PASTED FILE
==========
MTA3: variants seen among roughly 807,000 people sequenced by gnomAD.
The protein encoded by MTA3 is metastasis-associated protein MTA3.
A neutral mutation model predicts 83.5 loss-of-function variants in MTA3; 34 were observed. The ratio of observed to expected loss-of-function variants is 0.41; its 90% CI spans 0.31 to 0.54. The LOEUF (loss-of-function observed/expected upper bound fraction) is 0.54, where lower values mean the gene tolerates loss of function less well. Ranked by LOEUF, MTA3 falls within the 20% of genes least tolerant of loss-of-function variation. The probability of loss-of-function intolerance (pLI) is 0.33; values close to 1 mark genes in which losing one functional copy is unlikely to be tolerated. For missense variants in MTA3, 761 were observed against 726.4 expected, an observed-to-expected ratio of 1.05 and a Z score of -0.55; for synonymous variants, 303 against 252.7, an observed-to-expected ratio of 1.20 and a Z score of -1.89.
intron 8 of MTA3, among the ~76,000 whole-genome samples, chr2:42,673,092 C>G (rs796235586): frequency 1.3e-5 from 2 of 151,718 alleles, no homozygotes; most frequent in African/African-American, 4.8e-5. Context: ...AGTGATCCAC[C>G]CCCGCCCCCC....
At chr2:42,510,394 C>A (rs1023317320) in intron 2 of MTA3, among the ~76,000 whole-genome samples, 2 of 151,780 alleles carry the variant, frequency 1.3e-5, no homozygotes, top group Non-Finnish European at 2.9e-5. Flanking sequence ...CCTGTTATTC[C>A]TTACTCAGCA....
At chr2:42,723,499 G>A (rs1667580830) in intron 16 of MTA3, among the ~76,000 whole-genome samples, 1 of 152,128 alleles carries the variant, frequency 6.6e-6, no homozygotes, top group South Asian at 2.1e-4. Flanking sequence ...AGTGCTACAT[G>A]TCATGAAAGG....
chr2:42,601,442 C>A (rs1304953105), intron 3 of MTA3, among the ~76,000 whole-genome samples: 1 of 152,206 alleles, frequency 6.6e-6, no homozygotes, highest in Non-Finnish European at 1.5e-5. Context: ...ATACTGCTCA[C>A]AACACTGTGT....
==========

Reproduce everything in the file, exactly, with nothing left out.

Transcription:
MTA3: variants seen among roughly 807,000 people sequenced by gnomAD.
The protein encoded by MTA3 is metastasis-associated protein MTA3.
A neutral mutation model predicts 83.5 loss-of-function variants in MTA3; 34 were observed. The ratio of observed to expected loss-of-function variants is 0.41; its 90% CI spans 0.31 to 0.54. The LOEUF (loss-of-function observed/expected upper bound fraction) is 0.54, where lower values mean the gene tolerates loss of function less well. Ranked by LOEUF, MTA3 falls within the 20% of genes least tolerant of loss-of-function variation. The probability of loss-of-function intolerance (pLI) is 0.33; values close to 1 mark genes in which losing one functional copy is unlikely to be tolerated. For missense variants in MTA3, 761 were observed against 726.4 expected, an observed-to-expected ratio of 1.05 and a Z score of -0.55; for synonymous variants, 303 against 252.7, an observed-to-expected ratio of 1.20 and a Z score of -1.89.
intron 8 of MTA3, among the ~76,000 whole-genome samples, chr2:42,673,092 C>G (rs796235586): frequency 1.3e-5 from 2 of 151,718 alleles, no homozygotes; most frequent in African/African-American, 4.8e-5. Context: ...AGTGATCCAC[C>G]CCCGCCCCCC....
At chr2:42,510,394 C>A (rs1023317320) in intron 2 of MTA3, among the ~76,000 whole-genome samples, 2 of 151,780 alleles carry the variant, frequency 1.3e-5, no homozygotes, top group Non-Finnish European at 2.9e-5. Flanking sequence ...CCTGTTATTC[C>A]TTACTCAGCA....
At chr2:42,723,499 G>A (rs1667580830) in intron 16 of MTA3, among the ~76,000 whole-genome samples, 1 of 152,128 alleles carries the variant, frequency 6.6e-6, no homozygotes, top group South Asian at 2.1e-4. Flanking sequence ...AGTGCTACAT[G>A]TCATGAAAGG....
chr2:42,601,442 C>A (rs1304953105), intron 3 of MTA3, among the ~76,000 whole-genome samples: 1 of 152,206 alleles, frequency 6.6e-6, no homozygotes, highest in Non-Finnish European at 1.5e-5. Context: ...ATACTGCTCA[C>A]AACACTGTGT....